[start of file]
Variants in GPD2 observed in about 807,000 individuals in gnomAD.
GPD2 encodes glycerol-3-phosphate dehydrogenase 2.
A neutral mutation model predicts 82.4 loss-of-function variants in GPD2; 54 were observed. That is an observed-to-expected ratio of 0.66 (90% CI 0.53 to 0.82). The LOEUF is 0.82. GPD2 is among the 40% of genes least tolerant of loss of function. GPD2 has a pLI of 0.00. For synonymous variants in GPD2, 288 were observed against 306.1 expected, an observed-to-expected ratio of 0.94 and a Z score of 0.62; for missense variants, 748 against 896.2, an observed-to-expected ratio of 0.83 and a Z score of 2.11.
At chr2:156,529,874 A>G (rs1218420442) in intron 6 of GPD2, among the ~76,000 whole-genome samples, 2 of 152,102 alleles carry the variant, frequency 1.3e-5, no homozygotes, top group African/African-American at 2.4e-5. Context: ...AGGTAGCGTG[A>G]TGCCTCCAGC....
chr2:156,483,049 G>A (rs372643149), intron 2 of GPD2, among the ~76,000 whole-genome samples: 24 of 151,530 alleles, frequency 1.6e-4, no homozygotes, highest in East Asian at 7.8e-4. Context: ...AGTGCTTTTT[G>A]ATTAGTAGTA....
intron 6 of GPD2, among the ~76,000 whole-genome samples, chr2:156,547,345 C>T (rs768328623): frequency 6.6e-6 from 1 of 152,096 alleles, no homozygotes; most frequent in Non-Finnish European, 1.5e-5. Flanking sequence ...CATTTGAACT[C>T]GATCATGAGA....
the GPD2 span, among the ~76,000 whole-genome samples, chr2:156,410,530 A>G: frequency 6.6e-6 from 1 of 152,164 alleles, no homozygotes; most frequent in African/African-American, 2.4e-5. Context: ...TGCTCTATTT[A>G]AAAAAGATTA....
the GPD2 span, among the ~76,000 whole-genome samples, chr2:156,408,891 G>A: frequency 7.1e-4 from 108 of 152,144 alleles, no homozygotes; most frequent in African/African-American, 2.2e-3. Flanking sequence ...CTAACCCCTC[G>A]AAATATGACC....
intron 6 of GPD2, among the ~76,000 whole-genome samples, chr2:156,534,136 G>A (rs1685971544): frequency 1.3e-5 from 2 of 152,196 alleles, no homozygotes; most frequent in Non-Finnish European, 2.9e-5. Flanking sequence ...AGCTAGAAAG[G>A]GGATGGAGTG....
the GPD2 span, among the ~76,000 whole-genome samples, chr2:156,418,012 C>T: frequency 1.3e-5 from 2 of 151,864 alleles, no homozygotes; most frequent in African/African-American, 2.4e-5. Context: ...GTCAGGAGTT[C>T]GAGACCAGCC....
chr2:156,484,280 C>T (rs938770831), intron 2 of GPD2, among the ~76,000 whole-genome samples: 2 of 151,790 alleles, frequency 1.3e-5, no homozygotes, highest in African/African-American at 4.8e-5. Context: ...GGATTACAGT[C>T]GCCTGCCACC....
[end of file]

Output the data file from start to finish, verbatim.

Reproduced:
Variants in GPD2 observed in about 807,000 individuals in gnomAD.
GPD2 encodes glycerol-3-phosphate dehydrogenase 2.
A neutral mutation model predicts 82.4 loss-of-function variants in GPD2; 54 were observed. That is an observed-to-expected ratio of 0.66 (90% CI 0.53 to 0.82). The LOEUF is 0.82. GPD2 is among the 40% of genes least tolerant of loss of function. GPD2 has a pLI of 0.00. For synonymous variants in GPD2, 288 were observed against 306.1 expected, an observed-to-expected ratio of 0.94 and a Z score of 0.62; for missense variants, 748 against 896.2, an observed-to-expected ratio of 0.83 and a Z score of 2.11.
At chr2:156,529,874 A>G (rs1218420442) in intron 6 of GPD2, among the ~76,000 whole-genome samples, 2 of 152,102 alleles carry the variant, frequency 1.3e-5, no homozygotes, top group African/African-American at 2.4e-5. Context: ...AGGTAGCGTG[A>G]TGCCTCCAGC....
chr2:156,483,049 G>A (rs372643149), intron 2 of GPD2, among the ~76,000 whole-genome samples: 24 of 151,530 alleles, frequency 1.6e-4, no homozygotes, highest in East Asian at 7.8e-4. Context: ...AGTGCTTTTT[G>A]ATTAGTAGTA....
intron 6 of GPD2, among the ~76,000 whole-genome samples, chr2:156,547,345 C>T (rs768328623): frequency 6.6e-6 from 1 of 152,096 alleles, no homozygotes; most frequent in Non-Finnish European, 1.5e-5. Flanking sequence ...CATTTGAACT[C>T]GATCATGAGA....
the GPD2 span, among the ~76,000 whole-genome samples, chr2:156,410,530 A>G: frequency 6.6e-6 from 1 of 152,164 alleles, no homozygotes; most frequent in African/African-American, 2.4e-5. Context: ...TGCTCTATTT[A>G]AAAAAGATTA....
the GPD2 span, among the ~76,000 whole-genome samples, chr2:156,408,891 G>A: frequency 7.1e-4 from 108 of 152,144 alleles, no homozygotes; most frequent in African/African-American, 2.2e-3. Flanking sequence ...CTAACCCCTC[G>A]AAATATGACC....
intron 6 of GPD2, among the ~76,000 whole-genome samples, chr2:156,534,136 G>A (rs1685971544): frequency 1.3e-5 from 2 of 152,196 alleles, no homozygotes; most frequent in Non-Finnish European, 2.9e-5. Flanking sequence ...AGCTAGAAAG[G>A]GGATGGAGTG....
the GPD2 span, among the ~76,000 whole-genome samples, chr2:156,418,012 C>T: frequency 1.3e-5 from 2 of 151,864 alleles, no homozygotes; most frequent in African/African-American, 2.4e-5. Context: ...GTCAGGAGTT[C>T]GAGACCAGCC....
chr2:156,484,280 C>T (rs938770831), intron 2 of GPD2, among the ~76,000 whole-genome samples: 2 of 151,790 alleles, frequency 1.3e-5, no homozygotes, highest in African/African-American at 4.8e-5. Context: ...GGATTACAGT[C>T]GCCTGCCACC....